The XX Factor

Attention All Cottage-Cheese Butts!

Yesterday morning I nearly spit out my Corn Flakes as I read the latest New York Times “Skin Deep” feature, “Treating Cellulite, It’s Still There .” And not because, “the ass pictured is almost cellulite-free, while the story is about the terrible problem of cellulite,” as Gawker’s Hamilton Nolan put it.

Ladies, it shouldn’t be news that anti-cellulite treatments don’t work. Or that cellulite is incurable. Also what shouldn’t be news-but, maddeningly, is-is that most anti-cellulite products and anti-aging creams are illegal and flourishing under the unconscionably laissez-faire FDA. It’s ironic that the “Skin Deep” column takes its title from the great muckraking book of 1934 by Mary Catherine Phillips-one of several books that led to the creation of the Food, Drug, and Cosmetic Act of 1938, which is supposed to protect consumers from bogus cosmetics and drugs.

The act states in no uncertain terms that cosmetics cannot claim to “affect the structure or any function of the body of man.” In other words, cosmetics companies must stick to matters of appearance, not therapy. Cosmetic companies cannot market products that claim to change any aspect of your skin or your skin’s structure or function: Collagen-plumping serums? Illegal. Free radical-preserving goop? Illegal. Cellulite-busting unguents? Illegal.

If a product does makes such a claim it is, by definition, a drug, and needs to go through rigorous testing at the Office of Drug Evaluation and Research to prove not only that it is safe but that it also works . So if a cellulite reduction cream claims to melt cellulite or tighten skin then legally, the claim needs to be tested and cleared by the FDA. This is a basic consumer protection provided by the Act. We should stop tolerating less!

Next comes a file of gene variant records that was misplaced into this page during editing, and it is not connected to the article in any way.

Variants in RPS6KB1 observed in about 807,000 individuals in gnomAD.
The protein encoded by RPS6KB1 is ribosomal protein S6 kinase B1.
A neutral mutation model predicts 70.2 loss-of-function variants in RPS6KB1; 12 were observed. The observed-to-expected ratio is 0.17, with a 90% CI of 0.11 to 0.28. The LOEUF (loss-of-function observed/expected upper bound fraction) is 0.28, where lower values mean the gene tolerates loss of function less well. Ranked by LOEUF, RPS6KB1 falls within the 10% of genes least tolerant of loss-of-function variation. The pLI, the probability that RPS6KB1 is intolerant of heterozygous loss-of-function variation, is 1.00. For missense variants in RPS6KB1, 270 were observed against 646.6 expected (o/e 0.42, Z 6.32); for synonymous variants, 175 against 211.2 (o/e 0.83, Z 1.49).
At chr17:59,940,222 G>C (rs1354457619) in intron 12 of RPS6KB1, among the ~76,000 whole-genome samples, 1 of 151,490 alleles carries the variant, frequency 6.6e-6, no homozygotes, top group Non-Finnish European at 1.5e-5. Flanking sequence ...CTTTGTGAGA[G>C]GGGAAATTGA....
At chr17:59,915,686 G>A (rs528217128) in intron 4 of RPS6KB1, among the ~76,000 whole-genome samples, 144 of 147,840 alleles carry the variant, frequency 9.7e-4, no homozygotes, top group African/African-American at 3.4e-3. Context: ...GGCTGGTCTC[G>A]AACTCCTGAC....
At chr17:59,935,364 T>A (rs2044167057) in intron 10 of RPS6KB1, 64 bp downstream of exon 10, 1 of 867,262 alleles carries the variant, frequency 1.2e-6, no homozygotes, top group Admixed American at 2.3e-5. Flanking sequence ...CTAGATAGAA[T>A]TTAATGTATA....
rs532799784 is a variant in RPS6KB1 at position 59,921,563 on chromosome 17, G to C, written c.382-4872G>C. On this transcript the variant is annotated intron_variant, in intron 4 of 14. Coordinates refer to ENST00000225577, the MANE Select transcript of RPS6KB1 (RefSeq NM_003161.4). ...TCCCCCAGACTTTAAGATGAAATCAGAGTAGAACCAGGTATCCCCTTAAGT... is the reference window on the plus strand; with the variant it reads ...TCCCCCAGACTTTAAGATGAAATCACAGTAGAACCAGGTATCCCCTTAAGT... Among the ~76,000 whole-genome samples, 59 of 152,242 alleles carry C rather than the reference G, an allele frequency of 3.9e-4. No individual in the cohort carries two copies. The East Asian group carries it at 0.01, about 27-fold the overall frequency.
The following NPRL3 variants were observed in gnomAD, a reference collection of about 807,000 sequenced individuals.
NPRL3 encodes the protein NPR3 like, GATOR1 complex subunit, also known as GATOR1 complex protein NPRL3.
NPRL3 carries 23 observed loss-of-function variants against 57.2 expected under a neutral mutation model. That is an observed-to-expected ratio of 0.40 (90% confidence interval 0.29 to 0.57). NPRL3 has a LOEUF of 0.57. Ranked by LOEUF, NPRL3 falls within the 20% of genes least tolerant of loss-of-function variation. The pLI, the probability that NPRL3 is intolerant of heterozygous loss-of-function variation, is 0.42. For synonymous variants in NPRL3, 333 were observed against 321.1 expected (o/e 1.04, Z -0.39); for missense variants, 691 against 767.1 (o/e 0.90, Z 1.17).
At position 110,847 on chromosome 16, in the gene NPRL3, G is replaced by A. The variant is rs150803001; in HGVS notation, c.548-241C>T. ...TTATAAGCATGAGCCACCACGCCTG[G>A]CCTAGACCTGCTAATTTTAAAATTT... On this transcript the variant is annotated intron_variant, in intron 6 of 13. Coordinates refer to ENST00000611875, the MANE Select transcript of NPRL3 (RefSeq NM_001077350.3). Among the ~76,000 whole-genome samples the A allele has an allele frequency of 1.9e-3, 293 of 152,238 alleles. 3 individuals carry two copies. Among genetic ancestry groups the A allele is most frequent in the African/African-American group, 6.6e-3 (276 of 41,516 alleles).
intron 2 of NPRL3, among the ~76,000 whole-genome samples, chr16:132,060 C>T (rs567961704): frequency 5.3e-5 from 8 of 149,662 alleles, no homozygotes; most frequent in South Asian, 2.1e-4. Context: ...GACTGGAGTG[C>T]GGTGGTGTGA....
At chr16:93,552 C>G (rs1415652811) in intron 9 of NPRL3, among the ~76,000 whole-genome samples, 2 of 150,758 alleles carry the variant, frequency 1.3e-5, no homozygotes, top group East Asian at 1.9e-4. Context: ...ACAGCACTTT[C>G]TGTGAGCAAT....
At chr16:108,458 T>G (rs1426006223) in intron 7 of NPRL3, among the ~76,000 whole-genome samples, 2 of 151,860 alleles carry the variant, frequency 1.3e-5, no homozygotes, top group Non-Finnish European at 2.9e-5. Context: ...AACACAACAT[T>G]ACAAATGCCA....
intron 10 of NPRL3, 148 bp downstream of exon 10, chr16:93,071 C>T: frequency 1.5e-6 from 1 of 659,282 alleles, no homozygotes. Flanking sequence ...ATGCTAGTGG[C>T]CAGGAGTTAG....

In the 1960s and then again in the 1980s journalists frequently reported on misbranded anti-wrinkle and anti-cellulite products, and the FDA challenged these companies in court. On April 10, 1988, when the FDA was in the midst of its last crackdown, The New York Times published the following in an op-ed : “All the FDA is asking is that fantasy and reality be kept separate. The cosmetic companies need only retreat back to fantasy”-meaning abandon the therapeutic claims for traditional “this will make you gorgeous” puffery-“and their customers will live as happily as before.”

As baby boomers advance into old age we’ve all had to adapt to the anti-aging-centric marketplace and have come to accept and even embrace the proliferation of cosmetics that are actually misbranded drugs. I’m sure the democratization of plastic surgery has a lot to do with this: why opt for a regular bottle of Oil of Olay body cream when you can benefit from the anti-cellulite version? But is it too much to ask the New York Times and other journalists to separate fantasy from reality? And, most crucially, if the FDA did its job we would have known that cellulite was incurable because the $47 million anti-cellulite product market wouldn’t exist and fool us into thinking-or misunderstanding, or blundering, or wondering, or hoping-otherwise.